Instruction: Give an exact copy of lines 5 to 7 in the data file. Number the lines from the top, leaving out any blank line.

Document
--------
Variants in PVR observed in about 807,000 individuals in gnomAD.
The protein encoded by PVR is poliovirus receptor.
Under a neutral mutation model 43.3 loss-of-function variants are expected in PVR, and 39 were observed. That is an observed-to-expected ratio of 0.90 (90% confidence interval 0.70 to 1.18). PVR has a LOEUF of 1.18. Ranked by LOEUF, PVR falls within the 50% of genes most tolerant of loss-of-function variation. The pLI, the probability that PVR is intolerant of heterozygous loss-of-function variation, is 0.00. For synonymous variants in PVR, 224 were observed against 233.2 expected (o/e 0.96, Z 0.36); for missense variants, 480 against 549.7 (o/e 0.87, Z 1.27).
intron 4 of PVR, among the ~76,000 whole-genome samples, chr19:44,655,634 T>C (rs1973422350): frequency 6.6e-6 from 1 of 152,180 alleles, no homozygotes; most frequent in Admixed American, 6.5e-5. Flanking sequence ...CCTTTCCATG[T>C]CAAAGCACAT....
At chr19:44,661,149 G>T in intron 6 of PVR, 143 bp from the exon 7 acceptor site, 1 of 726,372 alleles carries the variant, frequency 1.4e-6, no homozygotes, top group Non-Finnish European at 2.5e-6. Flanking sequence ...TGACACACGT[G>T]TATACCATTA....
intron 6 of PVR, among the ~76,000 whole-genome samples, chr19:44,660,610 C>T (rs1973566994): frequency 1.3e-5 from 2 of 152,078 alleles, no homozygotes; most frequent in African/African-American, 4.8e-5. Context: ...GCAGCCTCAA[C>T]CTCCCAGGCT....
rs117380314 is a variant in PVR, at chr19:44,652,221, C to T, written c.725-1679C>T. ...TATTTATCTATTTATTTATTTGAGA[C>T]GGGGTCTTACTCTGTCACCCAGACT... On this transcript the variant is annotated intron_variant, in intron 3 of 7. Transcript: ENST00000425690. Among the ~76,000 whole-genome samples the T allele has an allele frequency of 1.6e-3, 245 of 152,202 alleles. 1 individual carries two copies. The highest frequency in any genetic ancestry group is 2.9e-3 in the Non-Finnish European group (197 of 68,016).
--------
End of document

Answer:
At chr19:44,661,149 G>T in intron 6 of PVR, 143 bp from the exon 7 acceptor site, 1 of 726,372 alleles carries the variant, frequency 1.4e-6, no homozygotes, top group Non-Finnish European at 2.5e-6. Flanking sequence ...TGACACACGT[G>T]TATACCATTA....
intron 6 of PVR, among the ~76,000 whole-genome samples, chr19:44,660,610 C>T (rs1973566994): frequency 1.3e-5 from 2 of 152,078 alleles, no homozygotes; most frequent in African/African-American, 4.8e-5. Context: ...GCAGCCTCAA[C>T]CTCCCAGGCT....
rs117380314 is a variant in PVR, at chr19:44,652,221, C to T, written c.725-1679C>T. ...TATTTATCTATTTATTTATTTGAGA[C>T]GGGGTCTTACTCTGTCACCCAGACT... On this transcript the variant is annotated intron_variant, in intron 3 of 7. Transcript: ENST00000425690. Among the ~76,000 whole-genome samples the T allele has an allele frequency of 1.6e-3, 245 of 152,202 alleles. 1 individual carries two copies. The highest frequency in any genetic ancestry group is 2.9e-3 in the Non-Finnish European group (197 of 68,016).